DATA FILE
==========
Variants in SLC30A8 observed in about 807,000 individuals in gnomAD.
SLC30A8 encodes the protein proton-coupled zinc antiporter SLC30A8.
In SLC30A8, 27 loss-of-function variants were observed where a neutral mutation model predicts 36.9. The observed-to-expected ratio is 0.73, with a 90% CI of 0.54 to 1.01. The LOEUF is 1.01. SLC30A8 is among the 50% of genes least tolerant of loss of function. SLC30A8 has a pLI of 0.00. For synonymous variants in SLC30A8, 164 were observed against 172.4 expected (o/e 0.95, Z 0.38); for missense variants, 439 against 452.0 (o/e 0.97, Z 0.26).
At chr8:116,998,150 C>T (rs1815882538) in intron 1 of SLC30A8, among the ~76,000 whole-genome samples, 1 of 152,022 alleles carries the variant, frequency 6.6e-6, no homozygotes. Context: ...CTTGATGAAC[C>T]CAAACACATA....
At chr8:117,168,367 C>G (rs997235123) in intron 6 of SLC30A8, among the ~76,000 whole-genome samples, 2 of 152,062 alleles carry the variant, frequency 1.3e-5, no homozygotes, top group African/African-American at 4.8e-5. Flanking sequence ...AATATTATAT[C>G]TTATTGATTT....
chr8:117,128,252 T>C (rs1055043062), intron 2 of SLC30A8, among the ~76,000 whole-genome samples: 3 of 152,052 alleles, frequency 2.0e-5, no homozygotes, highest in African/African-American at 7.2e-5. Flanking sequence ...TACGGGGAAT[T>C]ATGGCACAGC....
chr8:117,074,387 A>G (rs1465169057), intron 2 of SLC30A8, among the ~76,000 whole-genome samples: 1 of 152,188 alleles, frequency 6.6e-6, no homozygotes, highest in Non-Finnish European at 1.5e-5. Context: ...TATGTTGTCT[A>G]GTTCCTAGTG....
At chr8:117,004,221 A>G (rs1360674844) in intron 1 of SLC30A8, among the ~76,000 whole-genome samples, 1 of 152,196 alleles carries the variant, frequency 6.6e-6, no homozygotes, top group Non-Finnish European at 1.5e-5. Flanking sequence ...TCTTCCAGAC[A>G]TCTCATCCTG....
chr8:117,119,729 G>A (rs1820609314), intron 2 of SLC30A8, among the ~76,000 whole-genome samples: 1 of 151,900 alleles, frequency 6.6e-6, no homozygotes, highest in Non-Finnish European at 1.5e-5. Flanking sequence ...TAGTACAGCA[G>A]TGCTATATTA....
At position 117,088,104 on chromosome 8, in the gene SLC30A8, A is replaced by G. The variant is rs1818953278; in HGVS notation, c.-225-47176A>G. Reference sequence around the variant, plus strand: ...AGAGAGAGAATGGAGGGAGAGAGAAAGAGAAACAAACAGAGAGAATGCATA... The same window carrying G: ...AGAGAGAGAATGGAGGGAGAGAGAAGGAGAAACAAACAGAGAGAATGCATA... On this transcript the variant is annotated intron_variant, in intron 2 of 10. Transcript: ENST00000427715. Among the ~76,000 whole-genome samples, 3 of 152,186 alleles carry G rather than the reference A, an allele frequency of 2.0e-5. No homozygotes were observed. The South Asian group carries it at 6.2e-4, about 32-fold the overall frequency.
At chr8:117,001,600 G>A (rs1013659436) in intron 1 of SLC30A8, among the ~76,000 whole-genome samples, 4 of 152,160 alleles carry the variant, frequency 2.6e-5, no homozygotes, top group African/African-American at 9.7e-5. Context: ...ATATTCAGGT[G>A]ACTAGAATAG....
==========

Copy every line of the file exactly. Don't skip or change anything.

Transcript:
Variants in SLC30A8 observed in about 807,000 individuals in gnomAD.
SLC30A8 encodes the protein proton-coupled zinc antiporter SLC30A8.
In SLC30A8, 27 loss-of-function variants were observed where a neutral mutation model predicts 36.9. The observed-to-expected ratio is 0.73, with a 90% CI of 0.54 to 1.01. The LOEUF is 1.01. SLC30A8 is among the 50% of genes least tolerant of loss of function. SLC30A8 has a pLI of 0.00. For synonymous variants in SLC30A8, 164 were observed against 172.4 expected (o/e 0.95, Z 0.38); for missense variants, 439 against 452.0 (o/e 0.97, Z 0.26).
At chr8:116,998,150 C>T (rs1815882538) in intron 1 of SLC30A8, among the ~76,000 whole-genome samples, 1 of 152,022 alleles carries the variant, frequency 6.6e-6, no homozygotes. Context: ...CTTGATGAAC[C>T]CAAACACATA....
At chr8:117,168,367 C>G (rs997235123) in intron 6 of SLC30A8, among the ~76,000 whole-genome samples, 2 of 152,062 alleles carry the variant, frequency 1.3e-5, no homozygotes, top group African/African-American at 4.8e-5. Flanking sequence ...AATATTATAT[C>G]TTATTGATTT....
chr8:117,128,252 T>C (rs1055043062), intron 2 of SLC30A8, among the ~76,000 whole-genome samples: 3 of 152,052 alleles, frequency 2.0e-5, no homozygotes, highest in African/African-American at 7.2e-5. Flanking sequence ...TACGGGGAAT[T>C]ATGGCACAGC....
chr8:117,074,387 A>G (rs1465169057), intron 2 of SLC30A8, among the ~76,000 whole-genome samples: 1 of 152,188 alleles, frequency 6.6e-6, no homozygotes, highest in Non-Finnish European at 1.5e-5. Context: ...TATGTTGTCT[A>G]GTTCCTAGTG....
At chr8:117,004,221 A>G (rs1360674844) in intron 1 of SLC30A8, among the ~76,000 whole-genome samples, 1 of 152,196 alleles carries the variant, frequency 6.6e-6, no homozygotes, top group Non-Finnish European at 1.5e-5. Flanking sequence ...TCTTCCAGAC[A>G]TCTCATCCTG....
chr8:117,119,729 G>A (rs1820609314), intron 2 of SLC30A8, among the ~76,000 whole-genome samples: 1 of 151,900 alleles, frequency 6.6e-6, no homozygotes, highest in Non-Finnish European at 1.5e-5. Flanking sequence ...TAGTACAGCA[G>A]TGCTATATTA....
At position 117,088,104 on chromosome 8, in the gene SLC30A8, A is replaced by G. The variant is rs1818953278; in HGVS notation, c.-225-47176A>G. Reference sequence around the variant, plus strand: ...AGAGAGAGAATGGAGGGAGAGAGAAAGAGAAACAAACAGAGAGAATGCATA... The same window carrying G: ...AGAGAGAGAATGGAGGGAGAGAGAAGGAGAAACAAACAGAGAGAATGCATA... On this transcript the variant is annotated intron_variant, in intron 2 of 10. Transcript: ENST00000427715. Among the ~76,000 whole-genome samples, 3 of 152,186 alleles carry G rather than the reference A, an allele frequency of 2.0e-5. No homozygotes were observed. The South Asian group carries it at 6.2e-4, about 32-fold the overall frequency.
At chr8:117,001,600 G>A (rs1013659436) in intron 1 of SLC30A8, among the ~76,000 whole-genome samples, 4 of 152,160 alleles carry the variant, frequency 2.6e-5, no homozygotes, top group African/African-American at 9.7e-5. Context: ...ATATTCAGGT[G>A]ACTAGAATAG....